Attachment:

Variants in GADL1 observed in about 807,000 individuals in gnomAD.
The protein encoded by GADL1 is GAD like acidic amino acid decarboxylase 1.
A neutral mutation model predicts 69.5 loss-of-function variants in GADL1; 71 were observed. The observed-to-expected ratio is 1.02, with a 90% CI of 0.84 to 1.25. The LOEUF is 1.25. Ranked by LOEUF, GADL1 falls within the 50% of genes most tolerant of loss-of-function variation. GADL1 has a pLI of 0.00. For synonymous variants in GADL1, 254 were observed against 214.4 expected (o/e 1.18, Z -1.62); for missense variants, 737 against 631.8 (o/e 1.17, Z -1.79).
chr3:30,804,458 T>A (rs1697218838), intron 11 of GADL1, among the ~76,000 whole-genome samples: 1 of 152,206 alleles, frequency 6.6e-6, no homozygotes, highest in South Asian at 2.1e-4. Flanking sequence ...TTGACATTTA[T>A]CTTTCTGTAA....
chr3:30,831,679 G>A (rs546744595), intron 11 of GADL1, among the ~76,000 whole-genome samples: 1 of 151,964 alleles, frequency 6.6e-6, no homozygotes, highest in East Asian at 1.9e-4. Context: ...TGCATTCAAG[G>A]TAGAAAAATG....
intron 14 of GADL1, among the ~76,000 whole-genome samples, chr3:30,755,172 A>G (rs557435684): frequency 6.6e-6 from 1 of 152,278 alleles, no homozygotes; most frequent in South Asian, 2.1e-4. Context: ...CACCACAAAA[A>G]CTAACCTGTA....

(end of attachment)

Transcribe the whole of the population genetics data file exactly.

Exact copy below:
Variants in GADL1 observed in about 807,000 individuals in gnomAD.
The protein encoded by GADL1 is GAD like acidic amino acid decarboxylase 1.
A neutral mutation model predicts 69.5 loss-of-function variants in GADL1; 71 were observed. The observed-to-expected ratio is 1.02, with a 90% CI of 0.84 to 1.25. The LOEUF is 1.25. Ranked by LOEUF, GADL1 falls within the 50% of genes most tolerant of loss-of-function variation. GADL1 has a pLI of 0.00. For synonymous variants in GADL1, 254 were observed against 214.4 expected (o/e 1.18, Z -1.62); for missense variants, 737 against 631.8 (o/e 1.17, Z -1.79).
chr3:30,804,458 T>A (rs1697218838), intron 11 of GADL1, among the ~76,000 whole-genome samples: 1 of 152,206 alleles, frequency 6.6e-6, no homozygotes, highest in South Asian at 2.1e-4. Flanking sequence ...TTGACATTTA[T>A]CTTTCTGTAA....
chr3:30,831,679 G>A (rs546744595), intron 11 of GADL1, among the ~76,000 whole-genome samples: 1 of 151,964 alleles, frequency 6.6e-6, no homozygotes, highest in East Asian at 1.9e-4. Context: ...TGCATTCAAG[G>A]TAGAAAAATG....
intron 14 of GADL1, among the ~76,000 whole-genome samples, chr3:30,755,172 A>G (rs557435684): frequency 6.6e-6 from 1 of 152,278 alleles, no homozygotes; most frequent in South Asian, 2.1e-4. Context: ...CACCACAAAA[A>G]CTAACCTGTA....